Related read: How much should I contribute to my 401(k)?
Remember, your savings are counted as an "expense" line item, so by the end of it all, your total should be zero.
Income - expenses = 0
STEP 3: Determine your ideal emergency fund.
Now that your expenses are listed, think through how much you need in an emergency savings account. Like an airplane vomit bag, this is one of those things you hope you don't have to use, but sure are glad to have when you need it.
Your exact number depends on a lot of things. like how much your rent is, if you have tiny humans counting on you for food, etc. "Experts" say your emergency fund should cover the cost of living and expenses for 3-6 months. (That's a pretty wide range!)
NerdWallet's Emergency Fund Calculator is a good place to get a rough number to work with, and then you can personalize what's best for you from there.
HOT TIP #1: For yearly/twice-yearly expenses (haircuts, major car work, etc.) I don't love putting them on my monthly expense sheet because it's too ambiguous and I lose track of where it goes. I prefer to put more into savings, and just know that I'll have to withdraw the exact amount I need. That's just what realistically works for me. I don't necessarily recommend this to everyone; if you have a problem with saving and there is a possibility that the money for an annual expense won't be there when you need it, put aside a set amount each month.
HOT TIP #2: If you prefer the clear-cut discipline of having to put money toward random-but-expected specific expenses like the one listed above, consider opening a free checking account for each major category. For example, have one checking account for "Wedding Fund," one for "Christmas Gifts," one for "Vacation" and so on. Bear in mind that many of these types of checking accounts have minimum balance requirements — watch out for unexpected bank fees!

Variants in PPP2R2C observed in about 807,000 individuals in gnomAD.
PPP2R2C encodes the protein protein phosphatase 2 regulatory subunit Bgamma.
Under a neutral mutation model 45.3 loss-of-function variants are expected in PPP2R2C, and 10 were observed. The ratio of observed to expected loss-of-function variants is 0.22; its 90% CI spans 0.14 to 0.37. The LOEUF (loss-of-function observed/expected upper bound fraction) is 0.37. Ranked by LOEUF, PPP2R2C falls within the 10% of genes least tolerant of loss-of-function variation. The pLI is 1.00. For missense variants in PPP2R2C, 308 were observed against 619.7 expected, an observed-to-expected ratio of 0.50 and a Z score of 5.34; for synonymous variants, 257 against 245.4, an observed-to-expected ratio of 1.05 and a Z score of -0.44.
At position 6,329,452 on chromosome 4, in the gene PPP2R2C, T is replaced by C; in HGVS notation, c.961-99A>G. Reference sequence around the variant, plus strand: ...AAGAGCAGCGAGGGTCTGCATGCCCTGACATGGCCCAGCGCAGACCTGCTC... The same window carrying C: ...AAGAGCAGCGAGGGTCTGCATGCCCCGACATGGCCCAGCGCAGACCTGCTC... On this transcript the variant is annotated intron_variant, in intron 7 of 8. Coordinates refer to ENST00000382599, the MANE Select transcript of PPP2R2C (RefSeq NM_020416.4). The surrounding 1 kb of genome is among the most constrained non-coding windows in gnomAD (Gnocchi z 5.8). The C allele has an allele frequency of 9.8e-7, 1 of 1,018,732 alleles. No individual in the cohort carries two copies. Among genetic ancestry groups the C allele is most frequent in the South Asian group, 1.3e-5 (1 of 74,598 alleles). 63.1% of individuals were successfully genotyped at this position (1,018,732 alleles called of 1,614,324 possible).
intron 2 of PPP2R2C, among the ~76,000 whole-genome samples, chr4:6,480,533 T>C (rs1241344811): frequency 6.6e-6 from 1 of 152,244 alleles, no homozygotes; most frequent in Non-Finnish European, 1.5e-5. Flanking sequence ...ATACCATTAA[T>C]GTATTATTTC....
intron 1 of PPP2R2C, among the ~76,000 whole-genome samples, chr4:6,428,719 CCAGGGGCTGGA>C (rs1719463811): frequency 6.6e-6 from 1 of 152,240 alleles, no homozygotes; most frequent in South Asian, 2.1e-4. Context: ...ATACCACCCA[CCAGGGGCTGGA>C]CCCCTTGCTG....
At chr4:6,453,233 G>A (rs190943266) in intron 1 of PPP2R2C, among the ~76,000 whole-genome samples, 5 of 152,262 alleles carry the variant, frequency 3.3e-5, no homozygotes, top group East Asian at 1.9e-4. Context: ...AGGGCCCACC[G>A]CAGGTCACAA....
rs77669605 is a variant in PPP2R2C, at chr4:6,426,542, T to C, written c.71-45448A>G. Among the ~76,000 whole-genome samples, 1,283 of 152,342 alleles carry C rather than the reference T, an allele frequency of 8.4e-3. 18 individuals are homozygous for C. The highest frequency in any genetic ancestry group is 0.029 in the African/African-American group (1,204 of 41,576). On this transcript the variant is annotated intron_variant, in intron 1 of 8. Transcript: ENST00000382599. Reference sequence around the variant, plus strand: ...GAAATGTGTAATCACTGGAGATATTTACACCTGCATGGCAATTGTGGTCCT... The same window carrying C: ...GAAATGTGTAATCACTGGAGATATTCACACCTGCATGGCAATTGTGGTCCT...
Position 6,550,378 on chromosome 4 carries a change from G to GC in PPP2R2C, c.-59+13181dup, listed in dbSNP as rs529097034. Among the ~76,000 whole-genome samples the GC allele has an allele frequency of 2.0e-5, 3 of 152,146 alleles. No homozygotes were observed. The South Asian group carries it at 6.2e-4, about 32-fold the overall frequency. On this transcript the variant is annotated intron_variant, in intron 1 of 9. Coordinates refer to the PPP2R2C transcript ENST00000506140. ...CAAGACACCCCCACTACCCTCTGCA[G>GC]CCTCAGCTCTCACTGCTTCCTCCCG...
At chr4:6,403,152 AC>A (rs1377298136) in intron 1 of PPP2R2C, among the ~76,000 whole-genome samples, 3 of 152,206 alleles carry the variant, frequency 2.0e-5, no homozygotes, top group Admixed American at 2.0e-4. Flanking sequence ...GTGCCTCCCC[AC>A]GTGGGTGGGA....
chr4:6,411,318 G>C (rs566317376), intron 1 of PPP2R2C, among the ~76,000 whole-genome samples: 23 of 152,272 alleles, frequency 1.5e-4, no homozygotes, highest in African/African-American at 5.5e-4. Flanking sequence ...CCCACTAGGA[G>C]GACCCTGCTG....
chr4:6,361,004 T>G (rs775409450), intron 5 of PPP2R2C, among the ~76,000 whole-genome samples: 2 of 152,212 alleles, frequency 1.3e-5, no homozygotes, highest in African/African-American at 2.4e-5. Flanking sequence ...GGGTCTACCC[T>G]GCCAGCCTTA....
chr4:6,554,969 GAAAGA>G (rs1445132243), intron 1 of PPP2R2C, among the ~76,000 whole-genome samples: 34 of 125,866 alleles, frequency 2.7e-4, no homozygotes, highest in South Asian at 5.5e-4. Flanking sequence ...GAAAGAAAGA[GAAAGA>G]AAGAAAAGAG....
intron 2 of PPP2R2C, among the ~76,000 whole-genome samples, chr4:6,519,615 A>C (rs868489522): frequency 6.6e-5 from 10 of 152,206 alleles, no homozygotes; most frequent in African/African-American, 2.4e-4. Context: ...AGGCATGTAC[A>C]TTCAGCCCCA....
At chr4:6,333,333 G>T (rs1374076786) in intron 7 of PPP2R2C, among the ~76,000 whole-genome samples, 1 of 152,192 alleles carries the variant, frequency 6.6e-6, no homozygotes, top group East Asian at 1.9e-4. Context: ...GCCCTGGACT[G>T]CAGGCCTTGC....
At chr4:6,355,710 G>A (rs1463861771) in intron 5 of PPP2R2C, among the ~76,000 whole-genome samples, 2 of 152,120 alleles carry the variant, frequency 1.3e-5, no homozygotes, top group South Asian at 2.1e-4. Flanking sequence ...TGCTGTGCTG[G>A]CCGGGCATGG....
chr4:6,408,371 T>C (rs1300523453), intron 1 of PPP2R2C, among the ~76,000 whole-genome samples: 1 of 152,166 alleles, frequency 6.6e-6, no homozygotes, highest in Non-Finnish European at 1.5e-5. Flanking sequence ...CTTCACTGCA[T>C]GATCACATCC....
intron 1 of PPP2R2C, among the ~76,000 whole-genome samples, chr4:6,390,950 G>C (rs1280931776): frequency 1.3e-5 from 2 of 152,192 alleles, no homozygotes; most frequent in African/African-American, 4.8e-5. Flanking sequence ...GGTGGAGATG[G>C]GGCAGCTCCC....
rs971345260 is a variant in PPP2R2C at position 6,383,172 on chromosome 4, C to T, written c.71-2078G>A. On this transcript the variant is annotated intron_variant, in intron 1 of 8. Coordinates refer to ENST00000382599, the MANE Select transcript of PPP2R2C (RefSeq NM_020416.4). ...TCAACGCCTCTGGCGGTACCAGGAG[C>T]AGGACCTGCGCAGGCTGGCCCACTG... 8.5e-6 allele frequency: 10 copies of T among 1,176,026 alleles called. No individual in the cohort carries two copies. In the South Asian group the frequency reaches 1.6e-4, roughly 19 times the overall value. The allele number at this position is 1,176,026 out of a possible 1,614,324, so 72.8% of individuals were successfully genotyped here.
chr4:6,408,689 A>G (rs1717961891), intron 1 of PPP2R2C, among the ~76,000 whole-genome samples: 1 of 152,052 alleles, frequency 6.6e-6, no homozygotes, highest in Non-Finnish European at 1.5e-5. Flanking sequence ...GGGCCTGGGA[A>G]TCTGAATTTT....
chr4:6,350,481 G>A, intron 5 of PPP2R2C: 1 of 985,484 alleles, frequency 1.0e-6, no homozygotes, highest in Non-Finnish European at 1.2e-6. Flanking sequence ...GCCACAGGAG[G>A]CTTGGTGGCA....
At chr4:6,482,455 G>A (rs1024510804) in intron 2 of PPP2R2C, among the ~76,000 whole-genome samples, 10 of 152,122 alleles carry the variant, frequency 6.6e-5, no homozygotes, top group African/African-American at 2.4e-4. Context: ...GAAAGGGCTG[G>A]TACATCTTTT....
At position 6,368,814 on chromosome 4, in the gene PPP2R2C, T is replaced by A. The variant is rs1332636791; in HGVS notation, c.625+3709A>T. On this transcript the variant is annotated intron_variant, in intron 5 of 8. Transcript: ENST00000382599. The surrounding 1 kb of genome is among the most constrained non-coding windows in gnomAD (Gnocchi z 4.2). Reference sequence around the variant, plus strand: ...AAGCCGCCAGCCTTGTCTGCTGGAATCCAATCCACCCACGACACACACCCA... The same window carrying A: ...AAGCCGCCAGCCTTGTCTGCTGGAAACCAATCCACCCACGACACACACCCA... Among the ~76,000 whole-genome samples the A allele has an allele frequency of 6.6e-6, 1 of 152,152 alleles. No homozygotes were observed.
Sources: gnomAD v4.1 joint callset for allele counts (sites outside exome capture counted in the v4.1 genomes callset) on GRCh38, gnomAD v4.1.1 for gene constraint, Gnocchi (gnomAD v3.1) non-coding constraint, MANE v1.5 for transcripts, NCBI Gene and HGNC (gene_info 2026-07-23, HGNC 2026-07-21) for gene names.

HOT TIP #3: Don't go buckwild with the above, because a checking account won't grow itself. Even a money market account or savings account will earn more interest than a checking account, though they still keep your funds liquid. So if you do like to keep very specific, organized funds, keep it to only what you will need.
Related read: 3 things I'm eliminating to save my budget
HERE'S WHAT I DON'T RECOMMEND:
Many bloggers/advice-givers/armchair experts advise that you immediately look for ways to cut your spending. Substitute meat and potatoes for beans and rice. Cut your grocery bill in half. Reduce clothes shopping by 70%. I don't recommend that. At least, not right off the bat.
Much like Pete Davidson and Ariana Grande's relationship, dramatically changing your habits in one fell swoop is not going to last.
The first month, you just analyze. Learn your real habits. Then, adjust accordingly. During months two and three, you can see your weak spots in black and white (or green and white, in my case), and slowly shave off dollars spent here and there. Do you really need both Hulu AND Netflix? Can you get creative with the clothes you already have? Can you find ways to save money on groceries?
Cutting down on consistent monthly costs and fees is one of the best ways to save money over the long haul. Identify where you're flushing money away, and pivot.
Boom baby, you have a budget. You're Warren Buffet now, right? Well, maybe if you stick to your budget. That's the hard part.
That said, you control the budget. The budget does not control you. YOU decide what your priorities are. For some, a manicure is a priority, because looking polished is part of their job. For others, paying extra for organic produce is a priority. And for others, eliminating debt at (literally) all costs is the highest priority. As long as you are mindfully, thoughtfully, carefully making decisions, you're doing alright.
YOU decide what you want. Not me. Not Mr. Money Mustache. Not your mother.
Because you're the one who has to live with it.